Soccer games, summer air shows, and trips to the local dog park all have one thing in common: They're ideal opportunities to take pictures. And they all require you to switch into the role of an action photographer, as the fast-moving subjects tax your camera's ability to freeze the action and make sharp, dynamic exposures. But no matter what you're shooting, getting good action photos depends on knowing the right camera settings and practicing a few simple techniques.
Shut Down Shutter Lag
Shooting action photos--such as a fleeting moment involving wildlife--requires you to freeze the action that you see in the viewfinder. Unfortunately that can be tricky with digital cameras due to shutter lag, which is the wait between the time you press the shutter release and when the camera actually takes the picture.
All cameras have some sort of shutter lag. On some cameras the lag is almost imperceptibly short, but on others it can be long enough to make you miss a great shot--like this bird, which nearly flew out of the frame while I waited for the camera to take the picture.
Here's why: When you press the shutter release, the camera has to focus the lens, measure the white balance (so that the colors look right in the final image), and perform a host of internal housekeeping duties, such as preparing the sensor to capture the image. If your camera suffers from noticeable lag, you can do a few things to minimize the delay when you press the shutter release.
Preset the White Balance
The first thing you can do to minimize shutter lag is to set your camera's white balance control to one of its preset values. Most cameras let you choose from among a handful of settings such as daylight, indoor, sunset, and cloudy. Just dial in whichever setting is appropriate for the situation before you start shooting. If the camera doesn't have to measure and calculate the white balance using the automatic setting, you save some time. Admittedly, you don't save much--a few hundredths of a second--but that can mean a lot when the action is fast. Remember, though, to change the white balance setting when the lighting conditions change. (If you forget, all is not lost. Read "Perfect the Colors in Your Photos" for tips on fixing off-balance photos.)
Preset the Focus
Often, the biggest time waster when you're trying to snap a photo is waiting for the camera to lock the focus--especially if the camera has trouble finding the subject and has to hunt for the appropriate focus.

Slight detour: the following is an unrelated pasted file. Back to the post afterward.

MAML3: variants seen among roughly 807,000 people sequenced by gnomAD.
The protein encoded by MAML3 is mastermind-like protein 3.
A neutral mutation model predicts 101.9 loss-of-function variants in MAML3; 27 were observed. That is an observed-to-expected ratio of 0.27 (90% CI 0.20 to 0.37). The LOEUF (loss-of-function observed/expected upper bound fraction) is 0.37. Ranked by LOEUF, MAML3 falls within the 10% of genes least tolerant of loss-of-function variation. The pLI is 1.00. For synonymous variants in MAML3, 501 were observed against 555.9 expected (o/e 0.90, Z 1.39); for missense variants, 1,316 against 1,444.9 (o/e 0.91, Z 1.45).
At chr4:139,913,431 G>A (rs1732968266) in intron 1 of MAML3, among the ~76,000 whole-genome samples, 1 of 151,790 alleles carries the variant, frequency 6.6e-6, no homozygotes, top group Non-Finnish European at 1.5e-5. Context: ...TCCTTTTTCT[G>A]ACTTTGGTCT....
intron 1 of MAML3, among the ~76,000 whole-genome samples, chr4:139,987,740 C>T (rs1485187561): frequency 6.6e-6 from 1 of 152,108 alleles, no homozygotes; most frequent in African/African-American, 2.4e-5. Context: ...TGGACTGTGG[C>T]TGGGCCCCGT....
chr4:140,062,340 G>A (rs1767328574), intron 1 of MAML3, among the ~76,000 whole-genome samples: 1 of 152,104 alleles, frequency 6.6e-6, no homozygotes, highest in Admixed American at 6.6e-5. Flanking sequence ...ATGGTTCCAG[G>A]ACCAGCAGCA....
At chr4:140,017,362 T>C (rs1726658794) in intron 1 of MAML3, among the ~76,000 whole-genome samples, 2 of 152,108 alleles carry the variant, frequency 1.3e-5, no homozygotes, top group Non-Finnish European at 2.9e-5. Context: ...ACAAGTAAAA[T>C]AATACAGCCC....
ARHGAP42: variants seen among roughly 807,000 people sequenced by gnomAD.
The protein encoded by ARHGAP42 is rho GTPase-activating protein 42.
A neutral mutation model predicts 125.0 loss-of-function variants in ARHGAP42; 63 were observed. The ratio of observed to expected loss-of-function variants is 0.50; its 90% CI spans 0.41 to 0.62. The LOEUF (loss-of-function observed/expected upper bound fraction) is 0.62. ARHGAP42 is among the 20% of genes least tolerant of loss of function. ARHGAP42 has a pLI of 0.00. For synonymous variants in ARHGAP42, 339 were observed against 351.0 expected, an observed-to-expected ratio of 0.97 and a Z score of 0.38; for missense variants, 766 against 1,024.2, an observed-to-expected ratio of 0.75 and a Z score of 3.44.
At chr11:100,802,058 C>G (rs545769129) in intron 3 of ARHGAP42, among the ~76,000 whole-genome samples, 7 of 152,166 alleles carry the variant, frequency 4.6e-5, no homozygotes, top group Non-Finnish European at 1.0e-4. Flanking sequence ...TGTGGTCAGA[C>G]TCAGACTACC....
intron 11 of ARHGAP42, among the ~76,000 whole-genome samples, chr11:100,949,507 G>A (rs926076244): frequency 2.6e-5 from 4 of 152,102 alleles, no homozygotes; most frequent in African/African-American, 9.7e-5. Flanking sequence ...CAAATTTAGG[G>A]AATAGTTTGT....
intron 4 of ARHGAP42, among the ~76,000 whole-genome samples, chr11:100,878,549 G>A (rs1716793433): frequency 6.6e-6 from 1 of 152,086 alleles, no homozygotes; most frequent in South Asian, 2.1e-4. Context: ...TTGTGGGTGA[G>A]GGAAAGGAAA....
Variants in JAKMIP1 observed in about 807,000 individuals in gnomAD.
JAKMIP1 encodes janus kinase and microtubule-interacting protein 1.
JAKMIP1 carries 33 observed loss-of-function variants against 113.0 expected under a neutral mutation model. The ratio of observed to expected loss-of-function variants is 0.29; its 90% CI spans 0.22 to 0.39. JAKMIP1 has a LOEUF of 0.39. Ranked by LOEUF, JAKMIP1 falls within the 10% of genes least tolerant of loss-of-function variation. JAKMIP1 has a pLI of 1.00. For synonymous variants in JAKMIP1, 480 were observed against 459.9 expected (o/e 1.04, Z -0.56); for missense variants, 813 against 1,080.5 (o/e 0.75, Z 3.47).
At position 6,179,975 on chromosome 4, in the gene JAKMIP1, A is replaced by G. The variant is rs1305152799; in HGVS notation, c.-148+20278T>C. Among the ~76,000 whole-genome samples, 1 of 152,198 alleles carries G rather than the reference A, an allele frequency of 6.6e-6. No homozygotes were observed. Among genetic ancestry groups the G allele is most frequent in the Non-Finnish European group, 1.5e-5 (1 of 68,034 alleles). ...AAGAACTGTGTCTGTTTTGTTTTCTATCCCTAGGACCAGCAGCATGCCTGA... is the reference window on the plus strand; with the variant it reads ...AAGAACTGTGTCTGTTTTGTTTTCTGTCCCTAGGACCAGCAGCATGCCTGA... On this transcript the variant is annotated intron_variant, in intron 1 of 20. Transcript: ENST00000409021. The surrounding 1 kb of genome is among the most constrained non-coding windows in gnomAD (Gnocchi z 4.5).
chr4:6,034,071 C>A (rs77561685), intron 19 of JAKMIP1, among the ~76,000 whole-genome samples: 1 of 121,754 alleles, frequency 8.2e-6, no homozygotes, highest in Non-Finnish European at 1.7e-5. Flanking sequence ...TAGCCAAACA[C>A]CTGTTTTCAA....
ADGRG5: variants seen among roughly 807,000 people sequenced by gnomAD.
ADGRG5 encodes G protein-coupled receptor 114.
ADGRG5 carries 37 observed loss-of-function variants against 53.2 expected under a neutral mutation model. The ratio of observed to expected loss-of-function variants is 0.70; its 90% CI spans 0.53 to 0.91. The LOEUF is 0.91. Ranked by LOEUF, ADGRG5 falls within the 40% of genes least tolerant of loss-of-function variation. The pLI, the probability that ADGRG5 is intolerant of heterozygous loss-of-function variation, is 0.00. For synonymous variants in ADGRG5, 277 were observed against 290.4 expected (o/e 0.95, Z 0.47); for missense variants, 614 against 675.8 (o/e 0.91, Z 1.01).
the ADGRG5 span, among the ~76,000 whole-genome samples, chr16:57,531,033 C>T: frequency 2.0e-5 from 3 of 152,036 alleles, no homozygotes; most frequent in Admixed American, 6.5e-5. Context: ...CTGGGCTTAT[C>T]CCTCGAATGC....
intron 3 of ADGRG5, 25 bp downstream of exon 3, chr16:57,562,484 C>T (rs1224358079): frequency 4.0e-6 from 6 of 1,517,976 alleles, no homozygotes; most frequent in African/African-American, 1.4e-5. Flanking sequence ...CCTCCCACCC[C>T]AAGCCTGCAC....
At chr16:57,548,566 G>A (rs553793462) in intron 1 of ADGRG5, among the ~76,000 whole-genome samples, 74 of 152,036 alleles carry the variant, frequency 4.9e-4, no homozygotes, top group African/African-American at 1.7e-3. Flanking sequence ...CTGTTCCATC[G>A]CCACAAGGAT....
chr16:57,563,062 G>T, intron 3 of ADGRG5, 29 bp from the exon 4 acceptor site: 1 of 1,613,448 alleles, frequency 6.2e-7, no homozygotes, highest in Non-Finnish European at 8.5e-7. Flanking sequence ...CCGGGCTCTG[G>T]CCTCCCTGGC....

You might already know that if you press the shutter release halfway down, the camera locks the focus. As long as you hold the button down lightly, the focus will stay locked while you compose the photo or wait for the perfect moment to take the shot. If your subject is darting around in front of you, lock the focus and keep tracking the action. At the right moment, finish pressing the shutter, and you'll get a much more immediate reaction from your camera.
Another option is to skip the autofocus entirely and set the focus manually. I recommend this approach if you know that the subject will always be very far away, such as airplanes at an air show. In that case, switch the focus to infinity. Just remember to set it back to autofocus when you take pictures of things that aren't quite so distant.
Tweak the ISO
Sometimes, in spite of having an ideal subject, you still can't get the photo you want. Your subject might be front and center in the scene; but due to poor lighting, the shutter speed is so slow that everything is a blur.
The fix? Find your camera's ISO control and increase it a couple of steps. ISO measures your camera's sensitivity to light; shooting at ISO 400 instead of ISO 100, for example, means that you can possibly catch a photo at 1/60 second instead of 1/15 second. That's the difference between being able to read the letters on a player's jersey and ending up with merely a blur.